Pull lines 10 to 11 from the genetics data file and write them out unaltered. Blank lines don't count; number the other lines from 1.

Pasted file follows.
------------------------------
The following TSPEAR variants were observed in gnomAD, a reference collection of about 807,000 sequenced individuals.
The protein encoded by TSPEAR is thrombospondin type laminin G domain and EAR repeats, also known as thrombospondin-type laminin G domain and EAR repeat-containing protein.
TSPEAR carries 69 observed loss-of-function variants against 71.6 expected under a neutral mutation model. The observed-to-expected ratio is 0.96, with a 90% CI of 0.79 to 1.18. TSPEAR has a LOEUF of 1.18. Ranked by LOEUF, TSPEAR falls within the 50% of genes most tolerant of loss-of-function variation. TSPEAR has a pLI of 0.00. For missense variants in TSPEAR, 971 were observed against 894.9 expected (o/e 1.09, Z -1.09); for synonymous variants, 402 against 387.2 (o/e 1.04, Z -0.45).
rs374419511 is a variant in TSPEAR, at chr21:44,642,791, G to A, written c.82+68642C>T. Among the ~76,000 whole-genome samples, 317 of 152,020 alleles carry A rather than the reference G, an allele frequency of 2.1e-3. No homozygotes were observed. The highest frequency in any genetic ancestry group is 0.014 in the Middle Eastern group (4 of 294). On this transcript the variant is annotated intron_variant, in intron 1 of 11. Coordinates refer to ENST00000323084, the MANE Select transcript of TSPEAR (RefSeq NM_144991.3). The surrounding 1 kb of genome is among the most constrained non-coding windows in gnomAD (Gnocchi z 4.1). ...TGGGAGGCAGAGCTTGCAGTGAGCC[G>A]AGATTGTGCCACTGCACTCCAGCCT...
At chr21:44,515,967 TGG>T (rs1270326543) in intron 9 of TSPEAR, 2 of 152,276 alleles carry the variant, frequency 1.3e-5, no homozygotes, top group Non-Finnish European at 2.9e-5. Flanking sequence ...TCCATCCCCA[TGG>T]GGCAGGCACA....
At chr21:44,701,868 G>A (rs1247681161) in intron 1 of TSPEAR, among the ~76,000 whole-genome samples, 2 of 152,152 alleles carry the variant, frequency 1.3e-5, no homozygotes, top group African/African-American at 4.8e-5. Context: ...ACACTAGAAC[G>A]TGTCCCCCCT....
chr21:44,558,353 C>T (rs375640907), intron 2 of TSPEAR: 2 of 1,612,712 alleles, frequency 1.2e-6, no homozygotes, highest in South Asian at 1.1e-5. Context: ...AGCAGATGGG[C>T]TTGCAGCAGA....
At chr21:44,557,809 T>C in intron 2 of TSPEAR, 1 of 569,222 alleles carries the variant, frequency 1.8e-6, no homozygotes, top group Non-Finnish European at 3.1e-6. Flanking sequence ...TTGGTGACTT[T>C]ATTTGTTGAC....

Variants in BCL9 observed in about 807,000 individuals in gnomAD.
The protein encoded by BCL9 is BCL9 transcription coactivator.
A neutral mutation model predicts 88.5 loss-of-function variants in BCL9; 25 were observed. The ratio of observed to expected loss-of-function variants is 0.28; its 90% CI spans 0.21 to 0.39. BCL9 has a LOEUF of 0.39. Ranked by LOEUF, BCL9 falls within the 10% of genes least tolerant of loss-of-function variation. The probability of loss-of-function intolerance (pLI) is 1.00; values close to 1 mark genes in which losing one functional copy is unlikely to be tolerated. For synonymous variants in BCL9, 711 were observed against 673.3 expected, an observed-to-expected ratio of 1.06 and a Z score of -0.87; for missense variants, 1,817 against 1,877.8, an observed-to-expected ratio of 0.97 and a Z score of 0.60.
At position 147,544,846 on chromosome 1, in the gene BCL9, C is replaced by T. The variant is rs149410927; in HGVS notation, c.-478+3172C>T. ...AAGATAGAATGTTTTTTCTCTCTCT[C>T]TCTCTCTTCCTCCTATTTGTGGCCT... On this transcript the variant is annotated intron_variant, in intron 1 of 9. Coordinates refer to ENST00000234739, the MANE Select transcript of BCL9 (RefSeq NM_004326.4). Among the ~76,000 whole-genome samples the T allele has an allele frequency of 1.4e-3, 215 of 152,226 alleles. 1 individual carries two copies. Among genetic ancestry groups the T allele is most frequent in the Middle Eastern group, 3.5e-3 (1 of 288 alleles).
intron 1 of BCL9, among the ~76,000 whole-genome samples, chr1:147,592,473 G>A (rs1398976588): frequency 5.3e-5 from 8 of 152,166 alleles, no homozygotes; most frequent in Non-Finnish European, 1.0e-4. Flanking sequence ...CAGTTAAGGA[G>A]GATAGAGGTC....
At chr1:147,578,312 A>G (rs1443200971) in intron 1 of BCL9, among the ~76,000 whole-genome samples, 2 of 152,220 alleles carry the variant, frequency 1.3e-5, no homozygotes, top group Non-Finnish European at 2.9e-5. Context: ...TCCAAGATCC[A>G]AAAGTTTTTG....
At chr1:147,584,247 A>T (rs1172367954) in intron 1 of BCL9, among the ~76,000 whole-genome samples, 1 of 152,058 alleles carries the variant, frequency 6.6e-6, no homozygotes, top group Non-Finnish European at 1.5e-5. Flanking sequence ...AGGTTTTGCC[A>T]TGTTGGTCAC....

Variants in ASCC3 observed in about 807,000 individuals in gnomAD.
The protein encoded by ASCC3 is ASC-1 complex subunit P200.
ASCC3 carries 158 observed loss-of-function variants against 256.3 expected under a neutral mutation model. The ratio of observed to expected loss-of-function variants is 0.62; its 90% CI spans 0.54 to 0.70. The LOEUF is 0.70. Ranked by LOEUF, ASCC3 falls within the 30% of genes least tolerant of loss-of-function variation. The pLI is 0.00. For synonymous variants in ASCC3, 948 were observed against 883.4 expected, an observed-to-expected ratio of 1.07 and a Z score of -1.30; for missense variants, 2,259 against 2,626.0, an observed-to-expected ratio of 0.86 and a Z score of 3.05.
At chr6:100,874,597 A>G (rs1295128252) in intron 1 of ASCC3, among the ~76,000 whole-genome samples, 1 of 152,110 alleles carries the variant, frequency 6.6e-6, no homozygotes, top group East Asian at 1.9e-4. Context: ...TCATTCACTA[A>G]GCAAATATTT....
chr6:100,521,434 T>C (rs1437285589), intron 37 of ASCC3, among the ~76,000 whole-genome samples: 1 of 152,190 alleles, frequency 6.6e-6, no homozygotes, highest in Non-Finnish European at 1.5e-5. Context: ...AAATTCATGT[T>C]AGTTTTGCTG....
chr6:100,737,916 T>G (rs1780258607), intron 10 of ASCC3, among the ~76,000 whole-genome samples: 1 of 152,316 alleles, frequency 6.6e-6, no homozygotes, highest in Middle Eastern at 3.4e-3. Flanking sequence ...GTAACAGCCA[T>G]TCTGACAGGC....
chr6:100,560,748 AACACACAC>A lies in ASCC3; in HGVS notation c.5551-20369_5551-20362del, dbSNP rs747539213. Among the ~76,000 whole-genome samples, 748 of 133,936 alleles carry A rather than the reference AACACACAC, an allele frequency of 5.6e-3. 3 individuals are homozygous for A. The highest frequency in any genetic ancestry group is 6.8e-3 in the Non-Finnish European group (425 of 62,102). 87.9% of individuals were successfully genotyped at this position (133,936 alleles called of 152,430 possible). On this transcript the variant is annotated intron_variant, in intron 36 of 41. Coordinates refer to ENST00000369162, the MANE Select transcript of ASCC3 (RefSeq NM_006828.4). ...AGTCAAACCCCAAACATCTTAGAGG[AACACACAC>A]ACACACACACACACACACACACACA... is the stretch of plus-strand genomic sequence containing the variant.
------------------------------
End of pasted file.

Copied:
The protein encoded by BCL9 is BCL9 transcription coactivator.
A neutral mutation model predicts 88.5 loss-of-function variants in BCL9; 25 were observed. The ratio of observed to expected loss-of-function variants is 0.28; its 90% CI spans 0.21 to 0.39. BCL9 has a LOEUF of 0.39. Ranked by LOEUF, BCL9 falls within the 10% of genes least tolerant of loss-of-function variation. The probability of loss-of-function intolerance (pLI) is 1.00; values close to 1 mark genes in which losing one functional copy is unlikely to be tolerated. For synonymous variants in BCL9, 711 were observed against 673.3 expected, an observed-to-expected ratio of 1.06 and a Z score of -0.87; for missense variants, 1,817 against 1,877.8, an observed-to-expected ratio of 0.97 and a Z score of 0.60.